CIVIL ACTION NO. 1:20-cv-01489-AT
Before the Court is Plaintiffs Black Voters Matter Fund and Megan Gordon's ("Original Plaintiffs") Motion for a Temporary Restraining Order and/or Preliminary Injunction and for Expedited Briefing. [Doc. 93] ("Emergency Motion"). The Emergency Motion does not raise any new facts or arguments, but instead "incorporates by reference all prior filings and evidence submitted in connection with the Original Plaintiffs' prior motion for preliminary injunction" and seeks relief for the August runoff and November general elections.
On April 30, 2020, this Court entered an Order denying Plaintiffs' request for an injunction requiring the Secretary of State to provide prepaid postage for absentee ballots in time for the June 9, 2020 primary election, in part because the Secretary of State had already begun mailing ballots out to tens of thousands of voters. After carefully considering the record evidence of both parties, the Court found that Plaintiffs' proposed remedies were not realistic or implementable under the circumstances. The Court, however, reserved judgment on whether injunctive relief is appropriate as to future elections, including the August 2020 runoff and the November general election, and indicated it would make a determination about relief in connection with those elections in a separate subsequent order.
Late in the evening on May 12th, Plaintiffs filed this Emergency Motion for TRO. The emergency apparently necessitating Plaintiffs' request for expedited relief is the Secretary of State's mid-May deadline for making changes to the absentee ballot envelopes if ordered to provide prepaid postage in time for the August runoff, which includes a period of two weeks to consult with the United States Postal Service. (Doc. 76).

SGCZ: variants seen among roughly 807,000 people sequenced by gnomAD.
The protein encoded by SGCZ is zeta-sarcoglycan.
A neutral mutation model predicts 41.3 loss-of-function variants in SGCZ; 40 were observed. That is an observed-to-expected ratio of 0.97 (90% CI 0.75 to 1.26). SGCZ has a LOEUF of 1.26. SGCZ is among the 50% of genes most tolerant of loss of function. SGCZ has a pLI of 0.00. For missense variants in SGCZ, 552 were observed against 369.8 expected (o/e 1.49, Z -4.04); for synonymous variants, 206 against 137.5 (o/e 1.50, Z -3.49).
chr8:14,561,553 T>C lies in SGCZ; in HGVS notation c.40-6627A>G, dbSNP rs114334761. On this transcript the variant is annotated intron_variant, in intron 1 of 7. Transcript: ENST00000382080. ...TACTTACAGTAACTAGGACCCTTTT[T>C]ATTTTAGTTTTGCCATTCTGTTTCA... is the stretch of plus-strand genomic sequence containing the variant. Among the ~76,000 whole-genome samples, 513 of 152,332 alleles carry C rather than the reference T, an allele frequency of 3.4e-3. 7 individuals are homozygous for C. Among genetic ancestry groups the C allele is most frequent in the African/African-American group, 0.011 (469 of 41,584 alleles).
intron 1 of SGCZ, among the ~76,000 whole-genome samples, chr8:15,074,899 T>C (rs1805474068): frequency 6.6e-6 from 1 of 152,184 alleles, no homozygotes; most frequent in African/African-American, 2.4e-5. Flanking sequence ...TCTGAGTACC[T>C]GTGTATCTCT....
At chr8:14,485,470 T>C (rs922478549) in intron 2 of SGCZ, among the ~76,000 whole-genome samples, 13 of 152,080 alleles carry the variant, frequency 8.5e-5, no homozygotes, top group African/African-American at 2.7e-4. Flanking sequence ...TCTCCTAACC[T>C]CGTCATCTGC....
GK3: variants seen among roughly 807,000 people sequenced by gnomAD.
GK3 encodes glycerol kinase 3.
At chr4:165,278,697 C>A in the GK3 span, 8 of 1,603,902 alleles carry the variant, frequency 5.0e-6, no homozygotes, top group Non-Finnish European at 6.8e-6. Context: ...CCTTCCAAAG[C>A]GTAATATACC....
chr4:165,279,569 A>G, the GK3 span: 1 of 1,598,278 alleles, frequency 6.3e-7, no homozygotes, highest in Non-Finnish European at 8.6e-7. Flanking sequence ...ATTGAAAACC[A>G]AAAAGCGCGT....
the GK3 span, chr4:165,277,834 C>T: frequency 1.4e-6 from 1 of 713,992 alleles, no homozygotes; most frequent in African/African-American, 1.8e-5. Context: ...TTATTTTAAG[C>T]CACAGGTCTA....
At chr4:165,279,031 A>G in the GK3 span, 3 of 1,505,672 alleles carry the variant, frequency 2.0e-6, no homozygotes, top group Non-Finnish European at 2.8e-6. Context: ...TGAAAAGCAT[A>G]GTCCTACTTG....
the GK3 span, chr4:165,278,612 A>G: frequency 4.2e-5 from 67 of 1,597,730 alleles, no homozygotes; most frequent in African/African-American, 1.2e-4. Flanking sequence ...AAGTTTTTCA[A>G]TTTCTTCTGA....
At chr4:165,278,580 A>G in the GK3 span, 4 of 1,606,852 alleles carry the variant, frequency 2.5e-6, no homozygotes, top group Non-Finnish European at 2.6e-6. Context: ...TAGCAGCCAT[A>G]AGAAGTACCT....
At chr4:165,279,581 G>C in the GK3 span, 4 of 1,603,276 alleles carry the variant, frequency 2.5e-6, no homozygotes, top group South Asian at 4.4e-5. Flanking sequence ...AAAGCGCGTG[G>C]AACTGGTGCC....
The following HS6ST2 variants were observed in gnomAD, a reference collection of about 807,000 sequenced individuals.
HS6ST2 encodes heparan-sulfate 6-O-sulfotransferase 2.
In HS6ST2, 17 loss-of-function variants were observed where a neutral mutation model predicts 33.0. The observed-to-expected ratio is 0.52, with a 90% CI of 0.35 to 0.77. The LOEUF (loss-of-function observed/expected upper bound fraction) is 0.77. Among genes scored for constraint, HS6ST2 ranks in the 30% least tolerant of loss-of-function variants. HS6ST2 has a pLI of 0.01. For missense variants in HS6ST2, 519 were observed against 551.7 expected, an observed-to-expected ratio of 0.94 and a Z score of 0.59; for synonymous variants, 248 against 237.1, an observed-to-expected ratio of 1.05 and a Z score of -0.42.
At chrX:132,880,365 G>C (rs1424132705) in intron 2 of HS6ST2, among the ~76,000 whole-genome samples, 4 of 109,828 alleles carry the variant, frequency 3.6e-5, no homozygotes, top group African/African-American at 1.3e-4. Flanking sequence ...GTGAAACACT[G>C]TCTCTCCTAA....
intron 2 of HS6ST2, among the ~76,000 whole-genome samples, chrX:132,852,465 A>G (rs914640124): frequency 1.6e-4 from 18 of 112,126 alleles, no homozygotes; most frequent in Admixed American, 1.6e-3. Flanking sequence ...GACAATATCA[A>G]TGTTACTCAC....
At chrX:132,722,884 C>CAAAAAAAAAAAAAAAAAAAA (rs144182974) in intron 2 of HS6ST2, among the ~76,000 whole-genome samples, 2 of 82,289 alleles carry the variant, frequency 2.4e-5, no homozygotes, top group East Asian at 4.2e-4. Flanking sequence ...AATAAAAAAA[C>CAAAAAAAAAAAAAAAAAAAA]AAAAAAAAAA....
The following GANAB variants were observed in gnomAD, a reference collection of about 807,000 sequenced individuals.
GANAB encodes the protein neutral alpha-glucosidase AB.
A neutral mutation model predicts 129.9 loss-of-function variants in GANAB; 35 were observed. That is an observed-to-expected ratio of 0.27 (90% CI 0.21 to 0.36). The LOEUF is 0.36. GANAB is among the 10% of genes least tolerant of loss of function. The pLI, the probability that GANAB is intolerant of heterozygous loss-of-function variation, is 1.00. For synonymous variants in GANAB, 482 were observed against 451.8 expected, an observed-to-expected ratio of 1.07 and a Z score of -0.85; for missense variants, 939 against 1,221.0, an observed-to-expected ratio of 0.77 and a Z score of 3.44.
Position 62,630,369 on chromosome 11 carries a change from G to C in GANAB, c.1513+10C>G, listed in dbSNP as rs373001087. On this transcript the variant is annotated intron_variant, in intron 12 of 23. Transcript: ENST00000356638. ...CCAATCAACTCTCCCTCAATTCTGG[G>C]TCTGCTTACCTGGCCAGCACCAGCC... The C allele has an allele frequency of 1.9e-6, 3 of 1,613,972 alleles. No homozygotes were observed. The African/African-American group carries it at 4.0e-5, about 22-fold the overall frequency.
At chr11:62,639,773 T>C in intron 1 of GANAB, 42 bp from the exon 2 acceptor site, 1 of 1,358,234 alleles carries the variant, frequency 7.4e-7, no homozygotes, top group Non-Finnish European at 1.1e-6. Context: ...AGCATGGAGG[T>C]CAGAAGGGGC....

But Plaintiffs have known about this deadline since April 28, 2020. (Id.) As such, the Emergency Motion was ostensibly precipitated by this Court's May 11, 2020 Order indicating that in light of Plaintiffs' filing an Amended Complaint which added new Plaintiffs and Defendants to this case and effectively mooted the pending Motions to Dismiss, the Court would not likely be able to rule on Plaintiffs' request for injunctive relief before the aforementioned mid-May deadline. At Plaintiffs' request, the Court held a teleconference the next day to address Plaintiffs' concerns about a potential delay in light of their filing of the Amended Complaint. (Doc. 92.) At the conference, the Court expressed concern about ruling on the important questions presented by Plaintiffs' Motion for Preliminary Injunction before the June 2020 Primary plays out. Plaintiffs nonetheless pressed forward, filing the instant Emergency Motion seeking an expedited ruling on their request.
The Secretary's Reply in Support of his first Motion to Dismiss (Doc. 87) first raised important questions about the justiciability of Plaintiffs' claims under the Eleventh Circuit's recent decision in Jacobson v. Fla. Sec'y of State, No. 19-14552 at 21-22 (11th Cir. April 29, 2020). Plaintiffs did not seek permission to file a sur-reply, and instead the first time that the Court received substantive briefing from Plaintiffs on the Jacobson issue was yesterday. (Doc. 98.) The Court will not barrel into ruling on such serious legal issues confronting it under these circumstances.
Furthermore, it makes no sense for the Court to address these difficult standing issues as to only the parties named in the Original Complaint rather than those included in the Amended Complaint. To do otherwise would be to rule with one hand tied behind its back. For the forgoing reasons, the Emergency Motion [Doc. 93] is DENIED.
IT IS SO ORDERED this 15th day of May, 2020.
United States District Judge